I have returned to Davos, Switzerland again this year. I arrived on the evening of January 23, after climbing into a plane around noon in London to fly out to Zurich. It’s my seventh year in a row to attend the annual conference in Davos officially known as the World Economic Forum. I have posted on this blog what took place at past conferences in 2003, 2004 and 2006. The scenery on the way looked a lot less wintery than in previous years, with only some patches of snow on the roads and mountains. Other cities I’ve visited since the beginning of the year like Washington DC, Geneva and London have also been warm.
Right after arriving I completed my conference registration and checked into my hotel room. It’s always difficult to choose which session to attend with so many interesting workshops and panels on the program. I decided to rest and skip the evening reception held by the conference chairman, Dr. Klaus Schwab, to prepare myself for a full day tomorrow.
On January 24, I started out going around conference halls, doing the routine of shaking hands and saying, “Hey, what’s up?” as I bumped into friends and acquaintances like Dr. Lester Brown. I met so many other people too.
At 10 AM I attended a session under the inspiring title “Make Green Pay.” (I think the naming is very clever.) The debate hosted by CNBC was being recorded for broadcast. A panel debated whether a free market solution is the right way for energy and other policies amid climate change, or if there should be greater government intervention. Members of the panel were split into Pros vs Cons. Each person was given 5 minutes to argue over one question, then one minute to drill an opponent, and finally opened up the floor to questions.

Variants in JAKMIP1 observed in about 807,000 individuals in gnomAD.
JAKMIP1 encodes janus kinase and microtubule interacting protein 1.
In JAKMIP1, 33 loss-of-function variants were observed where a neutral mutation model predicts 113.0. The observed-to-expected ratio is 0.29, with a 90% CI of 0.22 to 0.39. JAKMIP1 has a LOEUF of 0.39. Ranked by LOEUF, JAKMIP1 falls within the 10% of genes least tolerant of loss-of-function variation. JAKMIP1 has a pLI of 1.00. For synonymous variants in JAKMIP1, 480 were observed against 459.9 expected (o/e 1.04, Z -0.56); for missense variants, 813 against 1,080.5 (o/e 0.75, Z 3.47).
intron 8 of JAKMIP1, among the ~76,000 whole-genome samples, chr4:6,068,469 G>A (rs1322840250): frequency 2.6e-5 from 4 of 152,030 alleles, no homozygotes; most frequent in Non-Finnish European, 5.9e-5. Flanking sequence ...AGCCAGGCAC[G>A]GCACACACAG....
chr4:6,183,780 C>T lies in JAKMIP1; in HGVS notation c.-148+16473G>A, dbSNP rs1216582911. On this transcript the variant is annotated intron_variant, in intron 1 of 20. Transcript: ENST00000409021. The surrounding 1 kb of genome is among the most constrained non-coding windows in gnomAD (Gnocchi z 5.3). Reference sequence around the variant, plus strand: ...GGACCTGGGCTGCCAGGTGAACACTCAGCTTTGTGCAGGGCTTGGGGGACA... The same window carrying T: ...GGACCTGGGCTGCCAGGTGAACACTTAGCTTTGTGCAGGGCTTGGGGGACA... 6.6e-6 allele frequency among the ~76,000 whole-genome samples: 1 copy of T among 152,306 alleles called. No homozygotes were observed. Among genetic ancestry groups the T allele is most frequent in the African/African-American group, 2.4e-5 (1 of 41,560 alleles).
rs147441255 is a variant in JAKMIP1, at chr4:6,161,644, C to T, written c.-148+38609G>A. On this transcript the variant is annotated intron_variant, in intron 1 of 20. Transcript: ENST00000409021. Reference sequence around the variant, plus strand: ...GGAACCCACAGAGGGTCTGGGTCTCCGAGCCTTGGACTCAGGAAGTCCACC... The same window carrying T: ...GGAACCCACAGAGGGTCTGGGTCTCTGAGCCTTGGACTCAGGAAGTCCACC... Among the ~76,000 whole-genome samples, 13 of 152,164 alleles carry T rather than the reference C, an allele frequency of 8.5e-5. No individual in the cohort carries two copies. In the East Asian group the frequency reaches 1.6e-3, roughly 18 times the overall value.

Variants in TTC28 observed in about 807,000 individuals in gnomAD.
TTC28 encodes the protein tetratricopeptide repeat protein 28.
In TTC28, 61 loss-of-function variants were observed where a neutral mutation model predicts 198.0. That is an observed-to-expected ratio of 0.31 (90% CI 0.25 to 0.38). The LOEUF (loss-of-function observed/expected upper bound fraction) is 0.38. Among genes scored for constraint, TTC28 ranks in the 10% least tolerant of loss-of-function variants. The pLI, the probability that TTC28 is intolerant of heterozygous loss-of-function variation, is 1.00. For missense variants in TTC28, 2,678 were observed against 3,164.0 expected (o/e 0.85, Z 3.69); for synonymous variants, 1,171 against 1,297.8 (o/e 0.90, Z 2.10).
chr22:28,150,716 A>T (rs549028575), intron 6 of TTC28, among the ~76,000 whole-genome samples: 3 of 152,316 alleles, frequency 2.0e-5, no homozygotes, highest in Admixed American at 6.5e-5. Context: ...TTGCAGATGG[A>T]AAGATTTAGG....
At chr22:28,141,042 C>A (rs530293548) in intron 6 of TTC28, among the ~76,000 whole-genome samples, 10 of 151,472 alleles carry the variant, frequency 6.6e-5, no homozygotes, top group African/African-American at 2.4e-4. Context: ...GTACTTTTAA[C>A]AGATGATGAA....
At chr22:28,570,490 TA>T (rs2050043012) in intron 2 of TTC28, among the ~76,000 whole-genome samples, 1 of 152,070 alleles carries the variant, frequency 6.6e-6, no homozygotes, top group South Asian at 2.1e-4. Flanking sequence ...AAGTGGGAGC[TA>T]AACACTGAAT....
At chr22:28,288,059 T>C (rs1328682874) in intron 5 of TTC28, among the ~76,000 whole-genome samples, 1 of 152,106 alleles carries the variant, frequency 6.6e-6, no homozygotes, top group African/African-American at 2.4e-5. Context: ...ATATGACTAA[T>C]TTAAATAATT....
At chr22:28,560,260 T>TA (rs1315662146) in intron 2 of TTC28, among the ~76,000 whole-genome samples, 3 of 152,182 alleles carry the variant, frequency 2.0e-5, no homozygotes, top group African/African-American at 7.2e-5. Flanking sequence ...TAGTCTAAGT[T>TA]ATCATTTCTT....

Q1. Nuclear energy and clean coal are the only viable alternatives to oil: Yes or No
Q2. Markets are superior to regulation in leading corporations towards “greener” operations: Yes or No
Q3. A global carbon tax will do more harm than good?
Very interesting questions, and so were the panelists. They include Dr. Daniel Esty, Director of the Yale Center for Environmental Law and Policy, and Sir Nicholas Stern who is author of the “Stern Report.” I sent an email later to Sir Nicholas whom I was supposed to see in London. The green debate seemed to signal how the issue of climate change and global warming will be high on the agenda for world business leaders this year. Did anyone catch the program? It was apparently aired in Europe, North America and Asia some time between January 26 and 28.
I met many other people during the lunch buffet too. Dr. Heizo Takenaka says he will be at the conference this year for 4 or 5 days. It was encouraging to hear that. Also on this day, Dr. Yoko Ishikura who is my co-author of the book “Sekai-kyu no kyaria no tsukurikata (How to Build a World Class Career)” and Dr. James Kondo who is a colleague of mine at the Health Policy Institute, Japan served as moderators of panels. Unfortunately I was unable to attend either one due to schedule conflict.
In my next posting on this blog, I intend to put up some images from the conference. I would like to start off here with a photo from a session with former Iranian president, Mohammad Khatami. On his left is Princess Lolwah Al Faisal. The person on the far left is three-time Pulitzer Prize winner Thomas Friedman who is a NY Times columnist known for books like “The World is Flat: A Brief History of the 21st Century (2005)” and “The Lexus and the Olive Tree: Understanding Globalization (1999).”